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McMaster University Dr. T.

Moffat
Department of Anthropology Winter 2017

Anthropology and Health, Aging and Society 2AN3


The Anthropology of Food and Nutrition

Class Schedule: Mondays and Wednesdays, 13:30 – 14:20


Location: BSB B136
Instructor: Dr. Tina Moffat
Office: CNH 536, Anthropology; Main Office, CNH, Room 524
Office Hours: Mondays 10:00 am to 12:00 pm or by appointment
Phone: 905-525-9140, ext. 23906
E-mail: moffatcs@mcmaster.ca
Teaching Assistants:
Creighton Avery, Sarah Duignan, Samantha Price

This course looks at human food use and nutrition from a broad anthropological perspective.
We begin by examining the diets of our human ancestors, food origins, and human food
revolutions, including contemporary industrial and biotechnological food production. The focus
then shifts to the economic aspects of food production and distribution, as well as the cultural
and social aspects of food and nutrition. Some of the fundamental questions we consider in this
course: How do social-cultural factors affect our basic biological food needs? How does our
biological need for food influence our social organization? What is the role of social factors in
mediating food access and distribution? How does the environment affect human nutrition?

Format: 2 hours of lecture per week; 1 hour of tutorial

Course Objectives:

• To appreciate and apply the biocultural approach to understanding human diet and
nutrition
• To consider past, present and future dimensions of human food production, acquisition
and consumption
• To critically analyse current food systems and consider possible alternatives

Learning Assessments:
Seminar Presentation 15%
Seminar Participation 5%
1st assignment 15%
Proposal for short paper 5%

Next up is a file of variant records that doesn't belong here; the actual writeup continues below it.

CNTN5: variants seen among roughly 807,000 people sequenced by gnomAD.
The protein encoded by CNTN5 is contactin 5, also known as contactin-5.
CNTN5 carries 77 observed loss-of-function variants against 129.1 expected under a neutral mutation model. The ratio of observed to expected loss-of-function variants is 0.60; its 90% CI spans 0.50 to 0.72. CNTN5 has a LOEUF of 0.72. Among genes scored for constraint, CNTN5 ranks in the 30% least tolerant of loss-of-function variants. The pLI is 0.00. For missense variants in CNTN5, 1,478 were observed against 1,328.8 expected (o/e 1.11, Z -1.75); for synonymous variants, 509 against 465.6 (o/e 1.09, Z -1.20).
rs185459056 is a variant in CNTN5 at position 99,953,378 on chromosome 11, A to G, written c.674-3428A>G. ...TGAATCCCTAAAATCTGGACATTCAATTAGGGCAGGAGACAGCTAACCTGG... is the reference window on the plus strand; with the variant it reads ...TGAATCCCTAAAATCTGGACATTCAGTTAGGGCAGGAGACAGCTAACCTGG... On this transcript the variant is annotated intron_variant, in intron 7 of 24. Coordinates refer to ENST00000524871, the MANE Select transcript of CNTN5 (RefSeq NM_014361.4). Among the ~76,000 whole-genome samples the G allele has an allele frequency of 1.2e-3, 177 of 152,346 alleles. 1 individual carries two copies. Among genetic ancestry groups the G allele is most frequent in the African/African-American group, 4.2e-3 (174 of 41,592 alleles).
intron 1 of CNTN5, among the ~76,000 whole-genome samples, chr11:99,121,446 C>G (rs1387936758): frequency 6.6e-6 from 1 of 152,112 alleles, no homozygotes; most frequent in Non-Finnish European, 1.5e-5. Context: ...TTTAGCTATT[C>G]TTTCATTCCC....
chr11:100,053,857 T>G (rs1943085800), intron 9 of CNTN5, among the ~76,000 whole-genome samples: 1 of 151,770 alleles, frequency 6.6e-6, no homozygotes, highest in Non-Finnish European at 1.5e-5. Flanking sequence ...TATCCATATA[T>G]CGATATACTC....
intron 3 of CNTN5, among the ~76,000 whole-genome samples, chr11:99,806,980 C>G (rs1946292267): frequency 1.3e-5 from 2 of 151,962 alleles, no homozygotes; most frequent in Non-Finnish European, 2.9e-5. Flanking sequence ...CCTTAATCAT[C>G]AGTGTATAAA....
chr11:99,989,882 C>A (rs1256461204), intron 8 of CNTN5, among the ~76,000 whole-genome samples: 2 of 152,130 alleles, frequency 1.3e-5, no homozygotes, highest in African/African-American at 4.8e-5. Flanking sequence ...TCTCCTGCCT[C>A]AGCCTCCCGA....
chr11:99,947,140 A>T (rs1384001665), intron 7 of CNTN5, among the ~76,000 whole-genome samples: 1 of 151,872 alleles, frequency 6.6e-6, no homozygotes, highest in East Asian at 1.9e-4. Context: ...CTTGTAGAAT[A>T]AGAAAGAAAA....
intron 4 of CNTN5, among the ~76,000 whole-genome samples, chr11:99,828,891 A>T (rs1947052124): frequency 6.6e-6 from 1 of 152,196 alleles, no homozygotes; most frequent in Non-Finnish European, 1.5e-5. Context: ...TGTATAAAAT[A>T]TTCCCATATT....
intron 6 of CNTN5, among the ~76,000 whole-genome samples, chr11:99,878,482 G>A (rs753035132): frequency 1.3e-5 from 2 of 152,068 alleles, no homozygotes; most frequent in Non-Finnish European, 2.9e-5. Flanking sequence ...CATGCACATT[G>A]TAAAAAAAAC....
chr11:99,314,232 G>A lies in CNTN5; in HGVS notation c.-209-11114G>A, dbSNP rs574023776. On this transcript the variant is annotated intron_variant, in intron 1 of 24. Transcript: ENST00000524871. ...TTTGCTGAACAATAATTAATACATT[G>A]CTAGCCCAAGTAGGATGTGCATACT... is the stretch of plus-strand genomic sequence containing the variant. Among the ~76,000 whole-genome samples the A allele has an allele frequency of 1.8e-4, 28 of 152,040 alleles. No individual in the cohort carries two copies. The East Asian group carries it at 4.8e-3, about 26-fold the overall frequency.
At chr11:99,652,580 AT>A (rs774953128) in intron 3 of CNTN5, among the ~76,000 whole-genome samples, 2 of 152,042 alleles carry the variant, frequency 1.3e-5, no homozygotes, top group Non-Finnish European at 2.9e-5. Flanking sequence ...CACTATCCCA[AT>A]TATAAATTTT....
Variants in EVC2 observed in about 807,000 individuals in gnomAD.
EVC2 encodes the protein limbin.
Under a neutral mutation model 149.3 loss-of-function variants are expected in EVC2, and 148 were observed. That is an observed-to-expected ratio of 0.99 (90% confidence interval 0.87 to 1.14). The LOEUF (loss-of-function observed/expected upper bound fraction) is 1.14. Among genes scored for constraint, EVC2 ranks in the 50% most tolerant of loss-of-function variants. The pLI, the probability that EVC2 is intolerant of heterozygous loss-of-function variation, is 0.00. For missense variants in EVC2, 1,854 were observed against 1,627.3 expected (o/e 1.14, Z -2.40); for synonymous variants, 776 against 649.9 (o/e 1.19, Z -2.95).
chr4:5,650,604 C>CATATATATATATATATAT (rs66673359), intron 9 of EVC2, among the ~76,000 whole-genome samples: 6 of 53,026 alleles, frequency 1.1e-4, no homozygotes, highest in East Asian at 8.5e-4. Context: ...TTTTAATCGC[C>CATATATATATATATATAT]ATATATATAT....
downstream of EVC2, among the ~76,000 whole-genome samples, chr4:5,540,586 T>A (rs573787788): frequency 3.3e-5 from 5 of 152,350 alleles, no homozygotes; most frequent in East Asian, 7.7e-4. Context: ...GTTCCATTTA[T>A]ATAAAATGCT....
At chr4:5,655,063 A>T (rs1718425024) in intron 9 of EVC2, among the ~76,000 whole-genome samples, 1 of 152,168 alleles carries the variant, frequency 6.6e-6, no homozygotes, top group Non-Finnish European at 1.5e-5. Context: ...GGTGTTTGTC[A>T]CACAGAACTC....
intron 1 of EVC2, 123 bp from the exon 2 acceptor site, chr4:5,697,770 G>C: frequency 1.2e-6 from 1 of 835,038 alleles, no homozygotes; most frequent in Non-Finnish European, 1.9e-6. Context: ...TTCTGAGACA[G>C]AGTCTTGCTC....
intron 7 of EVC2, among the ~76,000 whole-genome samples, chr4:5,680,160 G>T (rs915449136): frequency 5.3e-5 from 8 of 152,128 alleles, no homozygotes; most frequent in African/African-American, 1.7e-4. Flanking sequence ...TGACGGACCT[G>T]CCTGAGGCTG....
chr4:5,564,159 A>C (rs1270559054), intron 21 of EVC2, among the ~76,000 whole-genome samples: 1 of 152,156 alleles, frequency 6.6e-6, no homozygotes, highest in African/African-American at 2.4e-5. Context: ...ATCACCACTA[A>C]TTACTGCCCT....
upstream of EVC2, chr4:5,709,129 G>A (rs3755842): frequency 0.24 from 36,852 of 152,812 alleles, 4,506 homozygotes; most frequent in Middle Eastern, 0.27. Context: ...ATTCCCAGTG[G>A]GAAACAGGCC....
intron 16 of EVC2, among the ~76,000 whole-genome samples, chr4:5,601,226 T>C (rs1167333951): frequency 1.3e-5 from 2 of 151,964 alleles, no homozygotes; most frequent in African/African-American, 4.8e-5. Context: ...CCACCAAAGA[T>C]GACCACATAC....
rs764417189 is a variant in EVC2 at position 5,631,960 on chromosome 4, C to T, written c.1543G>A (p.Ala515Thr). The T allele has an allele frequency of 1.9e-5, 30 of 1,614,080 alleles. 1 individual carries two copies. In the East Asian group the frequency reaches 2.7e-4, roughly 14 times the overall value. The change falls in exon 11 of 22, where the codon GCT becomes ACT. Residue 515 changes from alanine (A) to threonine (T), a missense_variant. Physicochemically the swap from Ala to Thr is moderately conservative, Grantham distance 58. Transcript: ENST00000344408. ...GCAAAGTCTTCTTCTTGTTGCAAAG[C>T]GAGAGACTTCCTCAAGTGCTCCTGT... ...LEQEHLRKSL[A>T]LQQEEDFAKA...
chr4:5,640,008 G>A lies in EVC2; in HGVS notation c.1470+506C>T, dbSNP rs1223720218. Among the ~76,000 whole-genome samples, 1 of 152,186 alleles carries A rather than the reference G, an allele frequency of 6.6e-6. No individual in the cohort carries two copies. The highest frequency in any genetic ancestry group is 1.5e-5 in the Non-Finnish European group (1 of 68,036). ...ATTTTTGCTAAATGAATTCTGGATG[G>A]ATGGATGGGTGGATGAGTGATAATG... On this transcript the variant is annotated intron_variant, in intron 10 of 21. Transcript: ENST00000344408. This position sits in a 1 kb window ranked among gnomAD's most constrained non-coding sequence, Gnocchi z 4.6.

2nd assignment (short paper) 20%
Quizzes on readings (2 quizzes done on A2L) 5%
Take home examination 35%
Required Text: Dufour, DL, Goodman, AH, and Pelto, GH (2013) Nutritional
Anthropology. Biocultural Perspectives on Food and Nutrition, second edition. Oxford, New
York: Oxford University Press.
Class Schedule

Jan 4 Welcome & introduction to the syllabus


Jan 9 The biocultural approach & human nutrition basics
Required Reading: Chapters 1 & 2

Jan 16 & 18 Reconstructing and interpreting non-human primate and prehistoric diets
Required Reading: Chapters 6, 7, 8, & 9

Jan 23 & 25 The agricultural revolution and food processing


Required Reading: Chapters 10, 11, & 12

Jan 30 & Feb 1 Agriculture, the biotechnological revolution and the environment
Required Reading: Chapters 15, 16, & 52

Feb 6 & Feb 8 Food origins and food as a commodity


Required Reading: Chapters 31 & 38

Feb 13 & 15 Food and adaptation


Required Reading: Chapters 24 & 26

Feb 20 & 22 MID-TERM RECESS – no classes

Feb 27 & Mar 1 Food systems, identity, and social change


Required Reading: Chapter 18, 53 & 54

Feb 27 – 1st assignment due

Mar 6 & Mar 8 Global food and power


Required Reading: Chapters 22, 40, & 42

2nd assignment paper proposal due in this week’s tutorial

Mar 13 & 15
Malnutrition and the politics of hunger
Required Reading: Chapters 17, 34 & 37

2
Mar 20 & 22 Undernutrition, Overnutrition and Hunger in the Lands of Plenty
Required Reading: Chapters 46, 48, & 51

Mar 27 & 29 Nutrition, health and disease


Required Reading: Chapter 25, 29 & 55
March 27 -- 2nd assignment (short paper) due

Apr 3 & 5 Cultural ecology of infant feeding and course review; take-home examination
available
Required Reading: Chapters 43 & 44

April 17 - Submit take-home examination – submit through A2L Turnitin- no extensions

Important Dates to Remember!


 Feb 27 – 1st assignment due
 Week of Mar 6 to Mar 10, 2nd assignment paper proposal due in tutorial
 Mar 27 – 2nd assignment (short paper)
 Apr 5 – Take-home Exam available
 Apr 17 – Take-home Exam due

Course Notes:

Please note that all assignment guidelines and supplemental materials for the course will be
available only on Avenue to Learn. Please check Avenue frequently for course